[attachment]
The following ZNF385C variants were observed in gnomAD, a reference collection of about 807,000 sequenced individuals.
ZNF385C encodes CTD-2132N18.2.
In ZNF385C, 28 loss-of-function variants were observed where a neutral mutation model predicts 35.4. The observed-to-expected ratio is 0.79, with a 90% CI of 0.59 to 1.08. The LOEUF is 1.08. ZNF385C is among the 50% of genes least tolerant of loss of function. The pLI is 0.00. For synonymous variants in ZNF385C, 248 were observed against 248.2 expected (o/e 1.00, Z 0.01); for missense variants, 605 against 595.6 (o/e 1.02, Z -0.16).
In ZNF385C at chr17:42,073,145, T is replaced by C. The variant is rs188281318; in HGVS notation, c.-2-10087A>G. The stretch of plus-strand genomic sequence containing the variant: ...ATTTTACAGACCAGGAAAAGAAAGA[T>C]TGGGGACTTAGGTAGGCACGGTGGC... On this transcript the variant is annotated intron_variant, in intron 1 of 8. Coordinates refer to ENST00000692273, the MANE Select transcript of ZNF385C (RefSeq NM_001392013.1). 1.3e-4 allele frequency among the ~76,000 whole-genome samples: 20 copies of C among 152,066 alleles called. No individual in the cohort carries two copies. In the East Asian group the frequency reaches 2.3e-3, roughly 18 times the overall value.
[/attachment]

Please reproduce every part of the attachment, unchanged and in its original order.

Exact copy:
The following ZNF385C variants were observed in gnomAD, a reference collection of about 807,000 sequenced individuals.
ZNF385C encodes CTD-2132N18.2.
In ZNF385C, 28 loss-of-function variants were observed where a neutral mutation model predicts 35.4. The observed-to-expected ratio is 0.79, with a 90% CI of 0.59 to 1.08. The LOEUF is 1.08. ZNF385C is among the 50% of genes least tolerant of loss of function. The pLI is 0.00. For synonymous variants in ZNF385C, 248 were observed against 248.2 expected (o/e 1.00, Z 0.01); for missense variants, 605 against 595.6 (o/e 1.02, Z -0.16).
In ZNF385C at chr17:42,073,145, T is replaced by C. The variant is rs188281318; in HGVS notation, c.-2-10087A>G. The stretch of plus-strand genomic sequence containing the variant: ...ATTTTACAGACCAGGAAAAGAAAGA[T>C]TGGGGACTTAGGTAGGCACGGTGGC... On this transcript the variant is annotated intron_variant, in intron 1 of 8. Coordinates refer to ENST00000692273, the MANE Select transcript of ZNF385C (RefSeq NM_001392013.1). 1.3e-4 allele frequency among the ~76,000 whole-genome samples: 20 copies of C among 152,066 alleles called. No individual in the cohort carries two copies. In the East Asian group the frequency reaches 2.3e-3, roughly 18 times the overall value.